Episcopal Church allows all priests to perform same-sex marriage rites

Under a new rule, priests will be able to marry same-sex couples despite their diocesan bishops' objection—but no priest is required to preside at any wedding.
July 26, 2018

Same-sex couples will now be able to marry in their home parish even if their local bishop has moral objections to gay marriage, Episcopal Church leaders decided at their General Convention in Austin, Texas.

Under the new rule, couples can request gender-neutral marriage rites, which were approved for trial use at the church’s 2015 convention, in the church where they worship. Even if the local bishop opposes same-sex weddings, the priest of the parish can still conduct the ceremony, requesting pastoral support from a bishop in another diocese if necessary.

The approved resolution also makes it clear that “no clergy member can be forced to preside over any marriage ceremony,” the Episcopal News Service reported.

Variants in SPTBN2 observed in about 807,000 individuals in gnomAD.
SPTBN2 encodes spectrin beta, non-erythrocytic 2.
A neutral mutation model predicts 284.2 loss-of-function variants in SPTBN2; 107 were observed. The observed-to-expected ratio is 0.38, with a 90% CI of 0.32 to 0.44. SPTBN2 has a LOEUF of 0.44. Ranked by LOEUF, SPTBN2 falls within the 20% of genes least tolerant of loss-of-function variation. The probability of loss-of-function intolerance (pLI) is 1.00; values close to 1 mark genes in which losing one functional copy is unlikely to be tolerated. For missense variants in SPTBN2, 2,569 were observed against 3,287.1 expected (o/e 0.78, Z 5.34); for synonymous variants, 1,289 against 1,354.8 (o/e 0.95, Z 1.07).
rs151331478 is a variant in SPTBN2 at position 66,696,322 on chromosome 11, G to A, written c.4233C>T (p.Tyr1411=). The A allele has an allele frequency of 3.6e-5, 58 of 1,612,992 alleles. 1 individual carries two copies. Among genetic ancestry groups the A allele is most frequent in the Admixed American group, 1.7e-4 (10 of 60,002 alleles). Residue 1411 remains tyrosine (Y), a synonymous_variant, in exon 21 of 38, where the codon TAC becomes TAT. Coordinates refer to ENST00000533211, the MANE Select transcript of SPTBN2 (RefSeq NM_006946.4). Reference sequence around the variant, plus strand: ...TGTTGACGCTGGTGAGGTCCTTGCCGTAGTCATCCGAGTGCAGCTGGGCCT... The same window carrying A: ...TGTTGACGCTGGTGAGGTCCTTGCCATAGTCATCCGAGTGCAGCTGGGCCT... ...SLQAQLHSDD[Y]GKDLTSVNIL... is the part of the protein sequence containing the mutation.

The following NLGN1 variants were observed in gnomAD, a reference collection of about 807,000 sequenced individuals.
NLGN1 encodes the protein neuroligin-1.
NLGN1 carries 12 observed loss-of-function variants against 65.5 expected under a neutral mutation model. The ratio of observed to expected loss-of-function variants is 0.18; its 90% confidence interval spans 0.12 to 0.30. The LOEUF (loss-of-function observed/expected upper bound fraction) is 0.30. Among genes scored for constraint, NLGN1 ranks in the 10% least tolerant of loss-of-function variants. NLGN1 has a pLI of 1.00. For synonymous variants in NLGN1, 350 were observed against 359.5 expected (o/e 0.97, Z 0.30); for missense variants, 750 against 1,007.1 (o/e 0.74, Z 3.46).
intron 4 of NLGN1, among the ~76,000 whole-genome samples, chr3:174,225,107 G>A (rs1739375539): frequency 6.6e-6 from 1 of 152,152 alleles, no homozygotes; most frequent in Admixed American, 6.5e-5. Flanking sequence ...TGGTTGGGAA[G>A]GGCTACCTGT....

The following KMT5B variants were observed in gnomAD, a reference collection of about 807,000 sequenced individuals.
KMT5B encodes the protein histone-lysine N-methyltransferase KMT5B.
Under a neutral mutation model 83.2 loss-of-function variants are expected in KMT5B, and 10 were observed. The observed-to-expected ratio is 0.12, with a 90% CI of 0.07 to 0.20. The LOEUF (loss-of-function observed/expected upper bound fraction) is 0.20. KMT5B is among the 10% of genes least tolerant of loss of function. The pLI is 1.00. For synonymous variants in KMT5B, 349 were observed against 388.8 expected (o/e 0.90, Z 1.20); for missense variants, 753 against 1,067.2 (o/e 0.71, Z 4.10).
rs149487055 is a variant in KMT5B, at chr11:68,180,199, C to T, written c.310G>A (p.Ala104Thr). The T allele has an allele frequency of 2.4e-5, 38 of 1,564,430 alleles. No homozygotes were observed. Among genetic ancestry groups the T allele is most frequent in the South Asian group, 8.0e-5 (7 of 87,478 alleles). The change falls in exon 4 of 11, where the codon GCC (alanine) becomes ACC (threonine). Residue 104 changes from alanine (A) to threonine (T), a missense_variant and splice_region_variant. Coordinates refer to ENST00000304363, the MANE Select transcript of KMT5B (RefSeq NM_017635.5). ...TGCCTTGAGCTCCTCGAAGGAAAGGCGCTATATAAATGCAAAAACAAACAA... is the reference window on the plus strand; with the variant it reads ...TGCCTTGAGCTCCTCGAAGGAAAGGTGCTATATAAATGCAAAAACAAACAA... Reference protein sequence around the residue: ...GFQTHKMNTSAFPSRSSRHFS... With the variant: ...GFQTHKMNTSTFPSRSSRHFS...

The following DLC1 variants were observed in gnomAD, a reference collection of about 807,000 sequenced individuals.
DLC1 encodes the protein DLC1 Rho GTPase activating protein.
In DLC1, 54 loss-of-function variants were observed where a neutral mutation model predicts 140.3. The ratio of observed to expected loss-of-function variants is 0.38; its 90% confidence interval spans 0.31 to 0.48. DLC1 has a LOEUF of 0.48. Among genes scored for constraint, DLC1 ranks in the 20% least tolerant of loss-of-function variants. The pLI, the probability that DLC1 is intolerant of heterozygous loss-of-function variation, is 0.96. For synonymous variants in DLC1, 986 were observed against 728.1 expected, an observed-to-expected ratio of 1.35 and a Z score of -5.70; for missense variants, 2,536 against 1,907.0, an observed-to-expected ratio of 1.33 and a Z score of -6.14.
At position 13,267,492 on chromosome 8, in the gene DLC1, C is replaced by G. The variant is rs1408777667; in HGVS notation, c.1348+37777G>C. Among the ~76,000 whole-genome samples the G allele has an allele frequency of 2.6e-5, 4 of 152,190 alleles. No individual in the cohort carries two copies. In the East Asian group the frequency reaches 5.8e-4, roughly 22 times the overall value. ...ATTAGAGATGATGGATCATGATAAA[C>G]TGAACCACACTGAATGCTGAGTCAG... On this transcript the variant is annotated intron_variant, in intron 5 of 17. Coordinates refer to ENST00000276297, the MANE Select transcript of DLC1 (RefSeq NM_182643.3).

Currently, eight of the United States’ 101 Episcopal dioceses—Albany, New York; Dallas; two in Florida; North Dakota; Springfield, Illinois; Tennessee; and the Virgin Islands—do not authorize the gender-neutral liturgies.

Bishop Lawrence Provenzano of Long Island, New York, who helped craft the resolution, hoped it would provide greater inclusion for LGBT couples without alienating traditionalists. Pro­ven­zano said he was “joyfully surprised” by what he described as a “spirit of reconciliation” at the convention even in the midst of heated debate.

The new provision for a local option doesn’t take effect until December 2, the first Sunday of Advent.

Also at the convention, the Episcopal Church adopted a resolution directing the Executive Council’s Committee on Corporate Social Responsibility “to develop criteria for Israel and Palestine based on a human rights investment screen” similar to the one passed by the Evangelical Lutheran Church in America in 2016. The resolution also encouraged shareholder advocacy for human rights in Israel-Palestine as well as “positive investment in Palestine and other under-resourced areas where human rights abuses materially impact the well-being of all people.”

Other mainline denominations have taken similar action, including the Presbyterian Church (U.S.A.) and the United Church of Christ. —Religion News Service and Episcopal news sources